100 Years Later: The Great War and Manufacturing
What does the Great War have to do with manufacturing today? When you consider the manufacturing growth, accomplishments, and advancements the First World War ushered in, it’s easy to see their connection — even 100 years later.
Before the war
The American Civil War, following so closely on the heels of economic gains sparked by the Industrial Revolution, devastated the U.S. economy. The late 1870s then saw an economic rebound so steep that Mark Twain later coined the phrase “The Gilded Age” to describe the staggering growth in industry and finance over the next 25 years. Rockefeller, Astor, Morgan, and Carnegie led this prosperity with staggering gains in oil, mercantilism and real estate, finance, and steel, respectively.
Three recessions followed this period of prosperity, though, lasting until wartime buildup in 1914. Even though the United States didn’t enter the war until 1917, the country’s manufacturers benefitted from trade with countries already in conflict. Unemployment dropped to 1.4% as workers entered manufacturing factory positions to keep up with productivity demands.
Even as unemployment dropped, inflation ran rampant as prices doubled and wages stagnated, leading to multiple worker strikes. The federal government took control of key industries such as shipping, railroads, housing, insurance, banking, hydroelectric power, telegraphs, radio, and armament manufacturing — including Smith and Wesson — to counteract profiteering by industry barons. Seizure threats strongly encouraged other industries to fall into line.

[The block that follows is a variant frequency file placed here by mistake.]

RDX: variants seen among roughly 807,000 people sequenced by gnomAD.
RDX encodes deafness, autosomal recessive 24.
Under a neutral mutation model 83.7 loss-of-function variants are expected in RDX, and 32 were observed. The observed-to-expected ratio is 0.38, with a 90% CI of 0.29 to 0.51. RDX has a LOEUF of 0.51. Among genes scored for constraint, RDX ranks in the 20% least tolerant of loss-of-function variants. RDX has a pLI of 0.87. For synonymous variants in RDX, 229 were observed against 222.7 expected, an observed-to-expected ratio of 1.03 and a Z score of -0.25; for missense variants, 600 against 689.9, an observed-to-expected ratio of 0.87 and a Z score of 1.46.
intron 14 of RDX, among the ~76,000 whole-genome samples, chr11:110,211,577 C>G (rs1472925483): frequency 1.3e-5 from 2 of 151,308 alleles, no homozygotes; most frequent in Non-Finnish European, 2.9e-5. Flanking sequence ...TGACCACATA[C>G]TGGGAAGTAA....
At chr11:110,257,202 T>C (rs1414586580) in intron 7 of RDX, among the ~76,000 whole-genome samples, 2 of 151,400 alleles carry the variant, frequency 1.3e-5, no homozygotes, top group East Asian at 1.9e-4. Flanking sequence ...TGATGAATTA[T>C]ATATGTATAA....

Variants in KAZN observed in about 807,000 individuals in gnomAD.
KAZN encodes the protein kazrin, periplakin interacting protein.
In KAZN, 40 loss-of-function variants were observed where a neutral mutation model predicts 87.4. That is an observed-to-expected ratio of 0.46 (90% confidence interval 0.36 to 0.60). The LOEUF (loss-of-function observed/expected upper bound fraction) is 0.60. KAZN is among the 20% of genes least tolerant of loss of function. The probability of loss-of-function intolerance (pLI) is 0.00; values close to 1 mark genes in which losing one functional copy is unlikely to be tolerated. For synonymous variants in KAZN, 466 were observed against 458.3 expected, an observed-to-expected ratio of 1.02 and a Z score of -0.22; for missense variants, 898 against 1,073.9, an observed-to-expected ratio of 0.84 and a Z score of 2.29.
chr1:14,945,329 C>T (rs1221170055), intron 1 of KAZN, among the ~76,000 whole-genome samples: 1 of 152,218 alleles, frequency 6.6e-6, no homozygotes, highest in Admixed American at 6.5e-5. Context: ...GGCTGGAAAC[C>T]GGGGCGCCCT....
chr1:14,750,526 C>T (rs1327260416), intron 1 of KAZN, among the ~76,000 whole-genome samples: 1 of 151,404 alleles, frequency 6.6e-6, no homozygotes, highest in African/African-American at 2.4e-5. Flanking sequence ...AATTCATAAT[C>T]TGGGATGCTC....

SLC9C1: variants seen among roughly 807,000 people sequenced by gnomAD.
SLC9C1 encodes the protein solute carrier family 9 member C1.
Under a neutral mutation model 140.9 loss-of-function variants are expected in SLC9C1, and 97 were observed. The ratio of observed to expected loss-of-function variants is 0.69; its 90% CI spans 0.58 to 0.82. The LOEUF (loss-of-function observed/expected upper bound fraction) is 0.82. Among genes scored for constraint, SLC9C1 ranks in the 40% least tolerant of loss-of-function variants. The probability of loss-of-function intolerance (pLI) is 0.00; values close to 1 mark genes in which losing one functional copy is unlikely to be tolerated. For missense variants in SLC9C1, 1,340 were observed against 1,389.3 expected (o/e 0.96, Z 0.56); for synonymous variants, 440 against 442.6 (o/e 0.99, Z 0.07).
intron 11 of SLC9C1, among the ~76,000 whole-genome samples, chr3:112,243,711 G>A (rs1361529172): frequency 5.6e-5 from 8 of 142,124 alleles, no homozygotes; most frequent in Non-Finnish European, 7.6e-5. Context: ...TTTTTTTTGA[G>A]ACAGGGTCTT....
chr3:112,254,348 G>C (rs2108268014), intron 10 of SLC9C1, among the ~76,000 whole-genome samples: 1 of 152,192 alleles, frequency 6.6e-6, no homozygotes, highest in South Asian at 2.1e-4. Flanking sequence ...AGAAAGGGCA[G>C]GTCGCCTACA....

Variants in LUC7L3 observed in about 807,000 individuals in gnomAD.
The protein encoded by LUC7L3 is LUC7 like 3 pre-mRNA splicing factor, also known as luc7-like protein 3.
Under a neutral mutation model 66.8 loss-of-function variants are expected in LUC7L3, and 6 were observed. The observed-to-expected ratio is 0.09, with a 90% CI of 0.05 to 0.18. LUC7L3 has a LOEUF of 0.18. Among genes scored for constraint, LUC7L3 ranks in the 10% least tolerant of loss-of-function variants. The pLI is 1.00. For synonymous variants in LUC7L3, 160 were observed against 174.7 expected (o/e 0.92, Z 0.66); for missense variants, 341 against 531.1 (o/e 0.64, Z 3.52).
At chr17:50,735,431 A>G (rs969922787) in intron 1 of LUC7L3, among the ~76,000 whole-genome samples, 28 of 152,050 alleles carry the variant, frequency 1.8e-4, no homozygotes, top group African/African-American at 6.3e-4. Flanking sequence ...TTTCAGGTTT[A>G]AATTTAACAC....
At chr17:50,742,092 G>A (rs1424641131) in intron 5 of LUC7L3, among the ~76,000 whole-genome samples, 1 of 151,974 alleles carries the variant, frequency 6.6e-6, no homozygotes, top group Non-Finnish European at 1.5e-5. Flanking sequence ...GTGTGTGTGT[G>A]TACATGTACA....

Fortunately, manufacturing had progressed dramatically since the Industrial Revolution, making war production feasible. The internal combustion engine, diesel engine, and electric ignition paved the way for new modes of transportation such as locomotives, automobiles, motorcycles, zeppelins, airplanes, and helicopters, all of which could be armor-plated for war. Revolvers, machine guns, and torpedoes weaponized vehicles.
Gas masks, metal helmets, and body armor protected troops.
According to the American History article, American destroyers evened the playing field between the British surface fleet and German U-boats. Telegraph, telephone, and radio technology enabled increased communication between the battlefield and commanders as well as facilitated informing civilians on the war effort.
Surprisingly, many technologies first manufactured during World War I — such as tanks, machine guns, flamethrowers, guided missiles, and aircraft carriers — are still in use today. Drones and air traffic control are two common technologies the government converted to domestic use after the Great War.